Kitchener/Waterloo, ON (BBB) - February 12, 2013: Last week, a statistic was released by Amazon.ca which found Waterloo to be Ontario’s most romantic city, and the third most romantic city in Canada. The list was compiled by comparing the sales data of romance novels, relationship books, and romantic films and music over the past year. With Valentine’s Day just around the corner, these statistics serve as a reminder that, as human beings, we want various forms of love and romance to be present in our lives – some more so than others. The social pressure to find great love tends to be heightened around February 14th, when society necessitates that our active participation in a Hallmark holiday somehow reflects our loveliness. It is on account of this unwavering collective politick that many people are left vulnerable to unscrupulous Valentine’s Day scams.
We live in the age of digital media, and online dating has proved to be a viable way to meet new and lasting partners. One in every five relationships now begins online. Considering that online dating has such a significant success rate, it is no wonder the online dating industry profits $4.4 billion dollars per year. Unfortunately, this type of big business activity also creates an opportunity for cybercriminals to prey on unsuspecting site users. In fact, online dating scams cost victims more than $50 million every year. This Valentine’s Day, the BBB would like to offer the following warnings about online dating sites:
Beware of Fake Profiles and Catfishing. It is easy to be misled when participating in online dating programs. According to Cybercrime solution company ThreatMatrix, one in every ten online profiles are fake. “Catfishing” is latest term being used to describe the creation of fake online accounts and profiles to steal identity information, financial details, or money from other users. It is a prominent activity across online dating sites, as scammers try to bank on lonely and loveless people seeking understanding and companionship. The “catfisher” will feign a personal online connection with another user in order to build their trust. Then they will create an excuse for the trustee to send them money. These excuses can include: a family emergency, a medical scare, or claims that the “catfisher” wants to plan a trip to visit their new love.
Online Dating Websites Can Be Enticing to Hackers. Free online dating sites offer less monitoring and protection for subscribers, which means that users are susceptible to having their personal profile information and photos stolen. Unfortunately, secure dating sites can fall victim to nefarious hackers as well. Last year, 1.5 million eHarmony passwords were accessed, stolen, and posted to an online hacking forum. Many users had their personal information and identities violated as a result.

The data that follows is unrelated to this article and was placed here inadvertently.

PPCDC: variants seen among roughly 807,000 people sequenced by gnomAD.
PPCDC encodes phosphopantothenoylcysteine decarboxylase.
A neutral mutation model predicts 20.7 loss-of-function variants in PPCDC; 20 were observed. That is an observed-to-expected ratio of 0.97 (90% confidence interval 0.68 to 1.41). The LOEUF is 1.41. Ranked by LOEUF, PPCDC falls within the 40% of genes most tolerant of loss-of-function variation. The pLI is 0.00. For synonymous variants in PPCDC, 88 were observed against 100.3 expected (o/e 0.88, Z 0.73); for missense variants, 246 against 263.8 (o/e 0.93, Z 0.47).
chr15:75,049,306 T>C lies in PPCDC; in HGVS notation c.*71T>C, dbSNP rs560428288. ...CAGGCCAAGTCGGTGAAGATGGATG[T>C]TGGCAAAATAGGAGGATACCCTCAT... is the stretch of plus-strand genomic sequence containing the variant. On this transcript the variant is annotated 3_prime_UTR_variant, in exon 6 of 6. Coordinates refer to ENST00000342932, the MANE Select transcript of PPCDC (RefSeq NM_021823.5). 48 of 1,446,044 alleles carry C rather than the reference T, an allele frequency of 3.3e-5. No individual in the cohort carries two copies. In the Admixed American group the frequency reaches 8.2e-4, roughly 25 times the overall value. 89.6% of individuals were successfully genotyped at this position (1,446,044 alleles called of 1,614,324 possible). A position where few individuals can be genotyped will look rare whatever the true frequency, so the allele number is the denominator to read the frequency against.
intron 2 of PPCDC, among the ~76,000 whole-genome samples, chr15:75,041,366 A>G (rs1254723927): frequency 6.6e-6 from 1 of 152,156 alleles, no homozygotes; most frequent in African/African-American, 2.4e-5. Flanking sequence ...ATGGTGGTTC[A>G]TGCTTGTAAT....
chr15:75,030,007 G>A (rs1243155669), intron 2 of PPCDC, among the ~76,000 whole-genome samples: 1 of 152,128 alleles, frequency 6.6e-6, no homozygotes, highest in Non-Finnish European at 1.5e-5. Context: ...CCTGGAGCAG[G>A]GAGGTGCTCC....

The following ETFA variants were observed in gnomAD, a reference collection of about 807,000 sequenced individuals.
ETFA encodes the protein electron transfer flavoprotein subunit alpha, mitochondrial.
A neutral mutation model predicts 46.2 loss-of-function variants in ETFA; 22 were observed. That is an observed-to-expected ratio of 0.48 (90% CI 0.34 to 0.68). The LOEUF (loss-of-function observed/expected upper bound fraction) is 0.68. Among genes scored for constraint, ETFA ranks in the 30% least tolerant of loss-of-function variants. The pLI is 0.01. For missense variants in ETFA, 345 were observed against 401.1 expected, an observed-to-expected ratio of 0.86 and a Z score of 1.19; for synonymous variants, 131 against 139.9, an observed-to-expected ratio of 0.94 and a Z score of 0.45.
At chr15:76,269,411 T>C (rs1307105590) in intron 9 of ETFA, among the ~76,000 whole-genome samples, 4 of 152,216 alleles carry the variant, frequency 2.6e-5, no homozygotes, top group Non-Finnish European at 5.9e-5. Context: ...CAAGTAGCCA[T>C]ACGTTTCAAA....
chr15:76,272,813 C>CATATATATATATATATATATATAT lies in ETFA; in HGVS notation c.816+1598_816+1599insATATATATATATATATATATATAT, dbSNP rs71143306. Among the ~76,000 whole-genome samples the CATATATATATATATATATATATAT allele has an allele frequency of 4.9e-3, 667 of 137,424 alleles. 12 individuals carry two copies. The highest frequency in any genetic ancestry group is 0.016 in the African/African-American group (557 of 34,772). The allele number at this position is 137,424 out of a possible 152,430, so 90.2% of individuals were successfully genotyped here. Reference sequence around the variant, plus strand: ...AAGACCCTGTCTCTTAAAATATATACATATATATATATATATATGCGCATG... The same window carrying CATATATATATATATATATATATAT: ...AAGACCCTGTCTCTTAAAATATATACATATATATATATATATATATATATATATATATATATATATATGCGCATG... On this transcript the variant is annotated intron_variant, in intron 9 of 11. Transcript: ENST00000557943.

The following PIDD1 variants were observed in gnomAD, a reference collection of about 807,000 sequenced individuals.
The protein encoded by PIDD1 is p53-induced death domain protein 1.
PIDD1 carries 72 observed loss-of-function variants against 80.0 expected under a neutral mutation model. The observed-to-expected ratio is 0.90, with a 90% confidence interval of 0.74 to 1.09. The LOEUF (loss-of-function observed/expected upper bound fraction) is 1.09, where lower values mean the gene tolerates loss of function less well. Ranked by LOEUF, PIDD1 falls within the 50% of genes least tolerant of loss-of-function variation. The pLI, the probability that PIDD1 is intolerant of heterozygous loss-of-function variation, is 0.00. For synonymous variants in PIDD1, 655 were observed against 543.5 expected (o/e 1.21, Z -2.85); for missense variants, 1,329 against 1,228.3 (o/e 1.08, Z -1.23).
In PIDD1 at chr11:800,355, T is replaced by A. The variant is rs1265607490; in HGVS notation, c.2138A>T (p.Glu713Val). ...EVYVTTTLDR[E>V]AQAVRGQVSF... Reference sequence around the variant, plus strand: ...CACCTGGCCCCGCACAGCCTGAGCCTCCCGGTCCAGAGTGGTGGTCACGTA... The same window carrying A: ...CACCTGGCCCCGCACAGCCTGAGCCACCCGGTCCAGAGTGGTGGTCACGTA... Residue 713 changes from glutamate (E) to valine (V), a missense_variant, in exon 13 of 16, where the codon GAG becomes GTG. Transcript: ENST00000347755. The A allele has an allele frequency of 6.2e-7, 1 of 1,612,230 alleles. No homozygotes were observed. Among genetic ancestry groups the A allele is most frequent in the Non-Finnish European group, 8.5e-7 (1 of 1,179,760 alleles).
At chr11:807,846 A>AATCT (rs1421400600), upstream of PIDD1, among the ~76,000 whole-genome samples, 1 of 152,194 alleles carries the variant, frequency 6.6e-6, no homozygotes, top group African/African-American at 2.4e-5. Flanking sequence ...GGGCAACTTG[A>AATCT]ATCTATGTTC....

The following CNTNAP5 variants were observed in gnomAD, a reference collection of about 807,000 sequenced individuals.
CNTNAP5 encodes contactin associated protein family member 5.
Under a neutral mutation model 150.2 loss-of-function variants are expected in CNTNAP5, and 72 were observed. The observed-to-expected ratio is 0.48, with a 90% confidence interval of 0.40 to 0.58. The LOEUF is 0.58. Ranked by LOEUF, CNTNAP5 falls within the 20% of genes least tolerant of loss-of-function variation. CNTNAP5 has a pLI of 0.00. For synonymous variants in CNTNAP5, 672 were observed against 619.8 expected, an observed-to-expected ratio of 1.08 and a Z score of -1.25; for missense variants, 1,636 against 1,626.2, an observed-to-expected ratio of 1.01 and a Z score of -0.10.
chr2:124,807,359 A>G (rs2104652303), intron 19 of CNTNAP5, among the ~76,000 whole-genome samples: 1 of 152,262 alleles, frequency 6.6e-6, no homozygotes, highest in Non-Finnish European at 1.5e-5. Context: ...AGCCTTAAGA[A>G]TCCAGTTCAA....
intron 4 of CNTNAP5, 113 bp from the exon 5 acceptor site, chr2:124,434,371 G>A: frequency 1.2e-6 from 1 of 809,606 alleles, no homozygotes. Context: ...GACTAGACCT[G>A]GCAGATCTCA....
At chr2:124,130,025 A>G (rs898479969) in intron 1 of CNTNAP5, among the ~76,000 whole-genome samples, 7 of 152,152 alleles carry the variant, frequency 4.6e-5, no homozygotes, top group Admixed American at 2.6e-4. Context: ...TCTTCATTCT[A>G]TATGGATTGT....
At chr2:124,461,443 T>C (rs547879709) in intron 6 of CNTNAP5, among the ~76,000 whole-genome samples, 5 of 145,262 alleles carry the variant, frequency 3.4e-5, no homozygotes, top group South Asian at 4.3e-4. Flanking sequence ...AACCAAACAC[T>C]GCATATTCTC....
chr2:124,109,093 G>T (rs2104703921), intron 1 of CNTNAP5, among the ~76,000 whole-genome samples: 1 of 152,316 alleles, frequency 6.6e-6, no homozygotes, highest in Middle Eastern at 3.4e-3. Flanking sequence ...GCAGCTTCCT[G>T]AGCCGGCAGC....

Mobile Dating Apps Can Be Dangerous. Mobile dating has grown increasingly more efficient and personalized, making it a popular alternative to online dating; however, mobile dating can be incredibly dangerous. In January 2013, OkCupid launched a new Blind Date Application (app) for smartphone users to try their hand at mobile dating. Shortly after the app was released, it was found to have a privacy flaw which publicly exposed the e-mail addresses and personal information of thousands of users. In addition, most smartphone applications show the geo-locations of their users. This allows cyber criminals to track the location of specific users and see whether or not they are at home, leaving many vulnerable to home invasion.
Beware of Online Extortion Scams. The Federal Bureau of Investigation (FBI) recently issued a warning about the increasing prominence of online extortion scams. Online extortion occurs when cybercriminals pose as potential companions on various social networking sites, collecting explicit messages and personal information from their correspondents. They will then publicize (or threaten to publicize) the information they have received, and charge their victim money to remove the data from the World Wide Web.
When it comes to social networking, what we see is not always what we get. Avoid falling victim to online dating scams this Valentine’s Day by trying not to fancy someone who rushes to develop a personal relationship online, claiming instant feelings of love. Scammers use emotional ties to increase their chances of success. If your “match” asks for money to cover travel expenses or has a sudden emergency requiring an extensive amount of money, there is a high probability that it is a scam.
Also be weary of users who may rush to leave the website you initially met on. If someone is pressuring you to continue a conversation elsewhere – such as phone, text, personal e-mail, or in person – they may be trying to collect your personal information for misuse. Do some background checking on potential matches. If you choose to meet in person, consider meeting in a public place or bring a friend.
Be reminded that sharing personal information with anyone can be dangerous. Always do your homework and trust your instincts when it comes to online dating and social media. If something sounds too good to be true, it probably is; but do not let this be a deterrent from actively participating in Valentine’s Day traditions. Although it is important to share love every day, the rich history of Saint Valentine’s Day can be an enticing incentive to celebrate love and courtship. Keep an open heart, but exercise caution if you are thinking about opening your wallet.